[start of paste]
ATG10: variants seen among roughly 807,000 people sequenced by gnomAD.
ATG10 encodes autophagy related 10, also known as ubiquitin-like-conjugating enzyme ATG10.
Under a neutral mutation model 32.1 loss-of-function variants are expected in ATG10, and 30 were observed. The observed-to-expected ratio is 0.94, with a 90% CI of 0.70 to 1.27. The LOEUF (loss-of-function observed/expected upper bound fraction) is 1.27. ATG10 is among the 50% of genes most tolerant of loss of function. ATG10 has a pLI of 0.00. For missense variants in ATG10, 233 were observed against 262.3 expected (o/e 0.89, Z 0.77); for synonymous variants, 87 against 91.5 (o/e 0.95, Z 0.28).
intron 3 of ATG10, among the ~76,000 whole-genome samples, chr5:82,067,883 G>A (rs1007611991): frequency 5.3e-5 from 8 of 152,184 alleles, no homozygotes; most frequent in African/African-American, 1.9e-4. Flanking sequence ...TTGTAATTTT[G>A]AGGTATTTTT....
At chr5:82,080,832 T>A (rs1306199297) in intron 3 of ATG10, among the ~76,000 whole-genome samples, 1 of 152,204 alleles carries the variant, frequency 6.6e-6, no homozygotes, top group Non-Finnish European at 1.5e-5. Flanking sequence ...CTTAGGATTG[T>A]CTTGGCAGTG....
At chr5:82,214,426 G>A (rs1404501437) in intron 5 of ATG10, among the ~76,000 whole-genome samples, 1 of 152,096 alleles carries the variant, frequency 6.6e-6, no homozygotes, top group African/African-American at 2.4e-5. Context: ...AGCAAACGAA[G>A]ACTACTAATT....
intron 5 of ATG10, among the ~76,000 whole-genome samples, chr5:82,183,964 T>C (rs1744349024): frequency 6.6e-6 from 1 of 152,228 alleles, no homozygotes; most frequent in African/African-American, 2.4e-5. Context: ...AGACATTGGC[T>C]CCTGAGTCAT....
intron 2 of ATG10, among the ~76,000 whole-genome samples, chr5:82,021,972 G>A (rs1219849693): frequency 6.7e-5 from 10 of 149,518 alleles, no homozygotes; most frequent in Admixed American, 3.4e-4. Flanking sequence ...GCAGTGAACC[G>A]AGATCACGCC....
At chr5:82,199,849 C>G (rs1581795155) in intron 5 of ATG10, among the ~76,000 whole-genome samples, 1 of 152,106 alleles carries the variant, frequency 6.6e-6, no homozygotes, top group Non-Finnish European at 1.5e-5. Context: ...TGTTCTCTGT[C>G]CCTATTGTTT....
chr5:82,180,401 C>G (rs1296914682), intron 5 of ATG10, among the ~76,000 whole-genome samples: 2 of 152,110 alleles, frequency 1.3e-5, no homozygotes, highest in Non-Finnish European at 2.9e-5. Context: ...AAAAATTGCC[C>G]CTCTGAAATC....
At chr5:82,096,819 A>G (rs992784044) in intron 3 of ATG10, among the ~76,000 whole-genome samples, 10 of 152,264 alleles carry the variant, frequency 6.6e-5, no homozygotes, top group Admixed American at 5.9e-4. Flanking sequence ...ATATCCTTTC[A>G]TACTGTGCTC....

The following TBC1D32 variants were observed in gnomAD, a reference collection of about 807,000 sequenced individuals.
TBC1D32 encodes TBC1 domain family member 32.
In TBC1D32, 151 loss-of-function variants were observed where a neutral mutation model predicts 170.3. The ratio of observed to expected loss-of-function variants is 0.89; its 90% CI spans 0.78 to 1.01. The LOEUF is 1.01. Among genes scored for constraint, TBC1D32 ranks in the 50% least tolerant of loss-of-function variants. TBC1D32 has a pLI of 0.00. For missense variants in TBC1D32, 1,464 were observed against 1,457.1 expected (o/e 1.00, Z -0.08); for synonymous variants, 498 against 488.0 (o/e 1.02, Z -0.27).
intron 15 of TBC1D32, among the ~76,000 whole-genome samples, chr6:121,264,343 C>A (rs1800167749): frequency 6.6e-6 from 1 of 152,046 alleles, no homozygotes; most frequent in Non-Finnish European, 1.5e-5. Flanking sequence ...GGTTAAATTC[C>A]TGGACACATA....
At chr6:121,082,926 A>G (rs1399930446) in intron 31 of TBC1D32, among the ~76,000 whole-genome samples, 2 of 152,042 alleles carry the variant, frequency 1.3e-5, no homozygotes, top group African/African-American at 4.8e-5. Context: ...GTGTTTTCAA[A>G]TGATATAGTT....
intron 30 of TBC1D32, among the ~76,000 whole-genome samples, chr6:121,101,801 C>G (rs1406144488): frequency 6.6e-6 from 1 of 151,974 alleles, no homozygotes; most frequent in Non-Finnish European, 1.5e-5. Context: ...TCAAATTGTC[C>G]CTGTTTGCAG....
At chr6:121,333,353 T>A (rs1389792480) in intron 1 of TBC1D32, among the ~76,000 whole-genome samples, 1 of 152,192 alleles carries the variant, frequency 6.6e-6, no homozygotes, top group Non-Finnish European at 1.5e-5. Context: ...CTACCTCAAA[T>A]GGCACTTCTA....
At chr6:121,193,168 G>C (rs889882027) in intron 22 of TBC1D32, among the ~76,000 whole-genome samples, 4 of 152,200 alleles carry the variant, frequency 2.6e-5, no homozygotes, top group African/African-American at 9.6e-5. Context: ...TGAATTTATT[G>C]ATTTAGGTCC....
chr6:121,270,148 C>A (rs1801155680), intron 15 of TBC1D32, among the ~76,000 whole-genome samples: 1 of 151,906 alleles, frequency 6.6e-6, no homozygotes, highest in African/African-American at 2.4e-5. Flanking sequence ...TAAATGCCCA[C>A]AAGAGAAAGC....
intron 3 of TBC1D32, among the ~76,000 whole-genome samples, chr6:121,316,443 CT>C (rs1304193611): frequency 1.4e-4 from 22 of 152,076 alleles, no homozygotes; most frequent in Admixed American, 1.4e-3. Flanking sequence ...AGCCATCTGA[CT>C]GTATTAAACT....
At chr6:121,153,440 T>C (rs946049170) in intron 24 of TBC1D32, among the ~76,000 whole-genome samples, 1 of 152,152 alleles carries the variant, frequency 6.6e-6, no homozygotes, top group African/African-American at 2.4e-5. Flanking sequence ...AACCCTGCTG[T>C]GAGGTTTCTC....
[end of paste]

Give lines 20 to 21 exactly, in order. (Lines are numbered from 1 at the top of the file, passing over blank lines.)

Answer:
chr6:121,270,148 C>A (rs1801155680), intron 15 of TBC1D32, among the ~76,000 whole-genome samples: 1 of 151,906 alleles, frequency 6.6e-6, no homozygotes, highest in African/African-American at 2.4e-5. Flanking sequence ...TAAATGCCCA[C>A]AAGAGAAAGC....
intron 3 of TBC1D32, among the ~76,000 whole-genome samples, chr6:121,316,443 CT>C (rs1304193611): frequency 1.4e-4 from 22 of 152,076 alleles, no homozygotes; most frequent in Admixed American, 1.4e-3. Flanking sequence ...AGCCATCTGA[CT>C]GTATTAAACT....